Two areas of the brain, called the nucleus accumbens and the ventromedial prefrontal cortex, act as the central gatekeeping system that filters information to determine what’s relevant and what can be ignored. These two regions play a part in regulating your emotions, decision-making, and executive function – it’s this process that dictates the way your brain responds to stimuli – including sound and physical sensations.

These areas of the brain are plastic, which means that they can change and adapt with time and experience. Brain plasticity (or neuroplasticity) is key to changing our responses to stimuli – this essentially means rewiring the brain. If you have been exposed to prolonged sensory stimuli like pain from an injury, the nucleus accumbens and the ventromedial prefrontal cortex “wire” the brain to focus on the sensation. Over time, it becomes difficult to filter out sensations that would normally be ignored, and the brain does not stop processing input – even after the stimulus is no longer present.

Hand holding a digital brain

How Ringing Ears Are Connected To Chronic Pain

Researchers are getting a stronger understanding of the way the brain processes stimuli and the way these subjective sensations can become chronic conditions. 

Tinnitus And Associations With Chronic Pain: The Population-Based Tromsø Study (2015–2016)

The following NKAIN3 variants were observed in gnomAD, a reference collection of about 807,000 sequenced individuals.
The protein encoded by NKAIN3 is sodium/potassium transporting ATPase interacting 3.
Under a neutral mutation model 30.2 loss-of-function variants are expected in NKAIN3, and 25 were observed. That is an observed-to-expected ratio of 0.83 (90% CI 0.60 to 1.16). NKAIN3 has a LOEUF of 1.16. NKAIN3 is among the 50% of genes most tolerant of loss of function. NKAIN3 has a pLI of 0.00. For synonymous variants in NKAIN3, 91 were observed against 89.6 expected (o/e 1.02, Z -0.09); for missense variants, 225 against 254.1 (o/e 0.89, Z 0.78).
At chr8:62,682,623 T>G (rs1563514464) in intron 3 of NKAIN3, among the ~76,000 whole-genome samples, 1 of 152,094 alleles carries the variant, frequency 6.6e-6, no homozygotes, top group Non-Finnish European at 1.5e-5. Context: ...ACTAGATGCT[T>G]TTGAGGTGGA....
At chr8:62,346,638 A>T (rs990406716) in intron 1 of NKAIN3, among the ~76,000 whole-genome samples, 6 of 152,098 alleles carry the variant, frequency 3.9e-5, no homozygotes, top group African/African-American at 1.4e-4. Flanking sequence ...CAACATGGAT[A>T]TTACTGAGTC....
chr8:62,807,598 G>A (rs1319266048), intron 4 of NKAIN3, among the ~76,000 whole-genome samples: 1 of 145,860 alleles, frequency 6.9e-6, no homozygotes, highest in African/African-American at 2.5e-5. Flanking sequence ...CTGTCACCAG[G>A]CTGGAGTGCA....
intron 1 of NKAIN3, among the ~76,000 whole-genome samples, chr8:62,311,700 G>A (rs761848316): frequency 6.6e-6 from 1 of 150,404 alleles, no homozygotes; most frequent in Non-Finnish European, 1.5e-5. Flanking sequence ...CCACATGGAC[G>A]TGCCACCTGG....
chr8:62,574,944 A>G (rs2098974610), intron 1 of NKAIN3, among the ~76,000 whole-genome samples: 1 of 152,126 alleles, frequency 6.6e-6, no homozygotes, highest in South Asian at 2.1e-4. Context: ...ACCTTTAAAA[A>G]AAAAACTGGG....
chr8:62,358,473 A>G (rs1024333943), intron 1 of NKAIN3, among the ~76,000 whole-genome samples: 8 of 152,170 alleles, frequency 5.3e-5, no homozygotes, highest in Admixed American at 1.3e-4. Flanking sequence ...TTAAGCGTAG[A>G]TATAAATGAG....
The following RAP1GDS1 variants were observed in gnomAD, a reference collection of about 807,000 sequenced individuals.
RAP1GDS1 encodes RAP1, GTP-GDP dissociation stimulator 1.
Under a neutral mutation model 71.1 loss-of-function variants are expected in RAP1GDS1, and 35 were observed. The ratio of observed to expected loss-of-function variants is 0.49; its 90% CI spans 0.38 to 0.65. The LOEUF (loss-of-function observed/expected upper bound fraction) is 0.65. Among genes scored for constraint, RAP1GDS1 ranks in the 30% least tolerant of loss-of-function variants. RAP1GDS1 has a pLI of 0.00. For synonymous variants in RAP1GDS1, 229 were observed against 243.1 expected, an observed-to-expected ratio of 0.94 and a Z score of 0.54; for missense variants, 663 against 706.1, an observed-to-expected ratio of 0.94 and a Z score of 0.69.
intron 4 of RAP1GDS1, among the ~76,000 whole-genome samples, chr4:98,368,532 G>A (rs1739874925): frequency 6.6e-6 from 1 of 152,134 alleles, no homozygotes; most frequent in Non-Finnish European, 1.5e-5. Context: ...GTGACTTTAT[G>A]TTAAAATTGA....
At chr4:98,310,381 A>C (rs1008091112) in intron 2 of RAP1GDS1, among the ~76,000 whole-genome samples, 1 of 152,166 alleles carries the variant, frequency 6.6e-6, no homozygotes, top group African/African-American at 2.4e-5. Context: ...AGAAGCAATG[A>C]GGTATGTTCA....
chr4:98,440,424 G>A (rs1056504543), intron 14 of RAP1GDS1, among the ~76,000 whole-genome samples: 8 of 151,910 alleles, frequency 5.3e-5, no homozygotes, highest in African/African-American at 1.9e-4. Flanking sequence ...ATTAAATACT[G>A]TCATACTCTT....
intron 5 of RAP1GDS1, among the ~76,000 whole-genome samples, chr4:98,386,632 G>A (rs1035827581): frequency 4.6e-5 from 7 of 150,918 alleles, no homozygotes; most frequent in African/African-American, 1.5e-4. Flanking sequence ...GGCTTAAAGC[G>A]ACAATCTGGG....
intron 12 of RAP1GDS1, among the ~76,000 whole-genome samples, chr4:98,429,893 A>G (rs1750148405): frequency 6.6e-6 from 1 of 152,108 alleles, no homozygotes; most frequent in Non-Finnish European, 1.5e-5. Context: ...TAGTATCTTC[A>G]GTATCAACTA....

One study compared the perception of chronic pain and tinnitus across a large population. These two subjective conditions, researchers noted, are often accompanied by hypersensitivity, to both physical pain and sound. 

Hyperacusis – that is, increased sensitivity to everyday sounds – is common for both those with tinnitus and those with pain, suggesting that there could be pain signals that spread from one area of the brain to another. The study supported this finding, discovering that tinnitus can be triggered by sensations other than sound (for example, jaw pain or headaches that trigger somatic tinnitus). This pointed to a direct link between the auditory and pain systems in the brain, which aligned with the known increased prevalence of tinnitus among those with chronic pain.

Frontostriatal Gating Of Tinnitus And Chronic Pain

Another study specifically explored the central gatekeeping system of the nucleus accumbens and the ventromedial prefrontal cortex. Researchers found clear parallels in these systems, which shows that the brain systems are related. When these systems are compromised, they proposed, people can develop chronic tinnitus and chronic pain that has a significant impact on well-being and behavior.

Neuroscientists Uncover Brain Abnormalities Responsible For Tinnitus And Chronic Pain

Diagram of the brain

Neuroscientists at Georgetown University Medical Center and Germany’s Technische Universität München explored the neural mechanisms that are responsible for chronic pain and tinnitus. Mechanisms that normally moderate sound and pain signals essentially fail, leading to an ongoing, chronic perception of these sensations.